Common flame retardant linked to social, behavioural and learning deficits, and autism

Flame retardants in the US are routinely found in home furnishings and electronics to slow down fires by a few seconds. Having been used more and more over the last 25 years, brominated flame retardants are found in household dust, food, air, and in the umbilical cords of newborns.

A recent study at University College Davis, California, has found that mice that have been genetically engineered to be susceptible to autism-like behaviours that were exposed to a common flame retardant, they were less fertile and their offspring were smaller and displayed less sociability, deficits in learning and long-term memory. These results were found when these mice were compared with normal unexposed mice.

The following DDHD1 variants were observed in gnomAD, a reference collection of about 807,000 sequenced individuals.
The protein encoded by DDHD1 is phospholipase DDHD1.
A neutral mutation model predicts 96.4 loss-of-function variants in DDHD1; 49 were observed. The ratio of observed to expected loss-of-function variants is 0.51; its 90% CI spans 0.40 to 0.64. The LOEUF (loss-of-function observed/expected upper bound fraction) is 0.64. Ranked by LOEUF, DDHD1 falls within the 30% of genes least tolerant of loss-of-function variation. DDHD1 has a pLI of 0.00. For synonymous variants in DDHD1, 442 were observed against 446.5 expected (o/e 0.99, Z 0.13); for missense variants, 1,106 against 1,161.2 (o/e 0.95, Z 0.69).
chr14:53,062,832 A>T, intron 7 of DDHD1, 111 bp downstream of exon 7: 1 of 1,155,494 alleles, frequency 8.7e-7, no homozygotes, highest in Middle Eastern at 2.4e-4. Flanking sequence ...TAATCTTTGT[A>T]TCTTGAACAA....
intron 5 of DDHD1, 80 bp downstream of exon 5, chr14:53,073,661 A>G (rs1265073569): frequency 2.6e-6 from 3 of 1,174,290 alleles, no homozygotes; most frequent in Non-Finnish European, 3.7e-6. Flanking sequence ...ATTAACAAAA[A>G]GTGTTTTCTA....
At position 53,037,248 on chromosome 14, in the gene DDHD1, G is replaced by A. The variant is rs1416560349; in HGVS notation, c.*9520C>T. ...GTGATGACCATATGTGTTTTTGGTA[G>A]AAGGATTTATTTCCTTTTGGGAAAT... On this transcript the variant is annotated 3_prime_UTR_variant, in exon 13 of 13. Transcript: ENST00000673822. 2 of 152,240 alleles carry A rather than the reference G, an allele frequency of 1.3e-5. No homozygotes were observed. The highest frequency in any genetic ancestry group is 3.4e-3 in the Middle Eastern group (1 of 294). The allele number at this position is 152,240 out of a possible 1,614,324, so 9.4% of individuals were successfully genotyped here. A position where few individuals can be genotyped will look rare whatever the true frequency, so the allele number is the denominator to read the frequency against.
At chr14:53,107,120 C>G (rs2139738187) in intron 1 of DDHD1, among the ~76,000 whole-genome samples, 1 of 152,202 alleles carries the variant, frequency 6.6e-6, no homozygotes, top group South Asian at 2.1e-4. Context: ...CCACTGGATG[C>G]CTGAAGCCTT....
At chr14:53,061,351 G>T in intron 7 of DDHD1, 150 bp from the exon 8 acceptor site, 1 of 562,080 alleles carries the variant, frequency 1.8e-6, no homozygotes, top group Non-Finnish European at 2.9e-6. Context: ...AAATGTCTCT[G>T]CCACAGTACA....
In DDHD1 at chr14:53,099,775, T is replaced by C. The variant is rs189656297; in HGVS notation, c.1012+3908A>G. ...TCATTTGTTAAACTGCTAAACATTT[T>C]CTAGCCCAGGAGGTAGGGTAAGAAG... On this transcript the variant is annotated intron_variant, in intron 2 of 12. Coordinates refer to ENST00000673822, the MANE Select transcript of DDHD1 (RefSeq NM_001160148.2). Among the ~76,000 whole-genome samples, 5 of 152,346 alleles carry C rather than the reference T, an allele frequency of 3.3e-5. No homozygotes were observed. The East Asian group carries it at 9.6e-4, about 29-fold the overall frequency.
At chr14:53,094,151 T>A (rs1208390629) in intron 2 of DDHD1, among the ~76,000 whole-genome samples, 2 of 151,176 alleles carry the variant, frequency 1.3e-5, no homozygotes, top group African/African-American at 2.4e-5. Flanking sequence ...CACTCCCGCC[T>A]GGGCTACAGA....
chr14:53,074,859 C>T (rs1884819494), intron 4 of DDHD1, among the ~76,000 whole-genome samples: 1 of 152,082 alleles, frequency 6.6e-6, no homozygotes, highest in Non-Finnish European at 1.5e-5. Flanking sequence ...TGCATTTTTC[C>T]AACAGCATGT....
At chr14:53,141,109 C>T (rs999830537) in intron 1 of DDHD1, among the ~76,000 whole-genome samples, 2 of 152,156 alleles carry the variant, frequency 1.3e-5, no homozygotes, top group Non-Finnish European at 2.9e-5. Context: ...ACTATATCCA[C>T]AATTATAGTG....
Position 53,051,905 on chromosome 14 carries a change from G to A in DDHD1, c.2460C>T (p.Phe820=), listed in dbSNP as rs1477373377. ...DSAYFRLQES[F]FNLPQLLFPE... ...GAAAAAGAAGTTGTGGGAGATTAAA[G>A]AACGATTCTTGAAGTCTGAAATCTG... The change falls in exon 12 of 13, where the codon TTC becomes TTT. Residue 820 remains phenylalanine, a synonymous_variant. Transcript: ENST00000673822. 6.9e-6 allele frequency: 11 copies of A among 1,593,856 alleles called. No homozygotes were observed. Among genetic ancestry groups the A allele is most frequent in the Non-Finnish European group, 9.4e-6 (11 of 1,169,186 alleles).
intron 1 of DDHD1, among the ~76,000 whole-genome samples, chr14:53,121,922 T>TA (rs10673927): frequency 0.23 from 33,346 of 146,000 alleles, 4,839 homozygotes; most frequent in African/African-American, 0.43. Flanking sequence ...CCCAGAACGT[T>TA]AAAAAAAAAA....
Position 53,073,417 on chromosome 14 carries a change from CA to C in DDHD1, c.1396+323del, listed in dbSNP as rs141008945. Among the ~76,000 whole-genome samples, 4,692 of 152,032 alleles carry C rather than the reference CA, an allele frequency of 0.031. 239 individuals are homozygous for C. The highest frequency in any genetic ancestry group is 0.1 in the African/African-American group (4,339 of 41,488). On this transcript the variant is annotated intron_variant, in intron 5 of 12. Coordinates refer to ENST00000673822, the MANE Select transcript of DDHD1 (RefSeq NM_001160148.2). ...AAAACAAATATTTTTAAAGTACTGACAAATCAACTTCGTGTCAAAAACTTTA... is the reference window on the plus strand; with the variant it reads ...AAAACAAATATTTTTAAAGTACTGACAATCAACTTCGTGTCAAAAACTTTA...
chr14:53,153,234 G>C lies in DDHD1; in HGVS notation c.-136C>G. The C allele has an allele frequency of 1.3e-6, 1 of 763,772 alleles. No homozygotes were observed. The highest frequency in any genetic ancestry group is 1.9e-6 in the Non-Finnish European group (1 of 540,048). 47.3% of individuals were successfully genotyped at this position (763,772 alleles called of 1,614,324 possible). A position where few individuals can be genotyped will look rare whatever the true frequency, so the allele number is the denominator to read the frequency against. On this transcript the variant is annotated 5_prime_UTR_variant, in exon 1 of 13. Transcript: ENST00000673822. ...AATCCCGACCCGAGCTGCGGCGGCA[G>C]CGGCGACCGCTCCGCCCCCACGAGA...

This is the first study linking genetic and behavioural changes to a flame retardant chemical and a specific gene mutation found in Rett’s syndrome – a condition on the autistic spectrum that primarily affects females with deficits in behaviour and communication.

A brominated compound known as PDBE has been accumulating in the environment as the prevalence of autistic spectrum disorders has increased. PDBEs interrupt thyroid function, causing changes in brain development. Thyroid hormones act in every cell in the body, affecting metabolism, growth and overall development.

Recent figures in the US suggest that 1 in 91 children are now affected by autism. The study shows that in a genetically susceptible society, PDBEs can tip the balance towards autism.

Source: UC Davis Health System

Thanks to: Natural News

First published in February 2012

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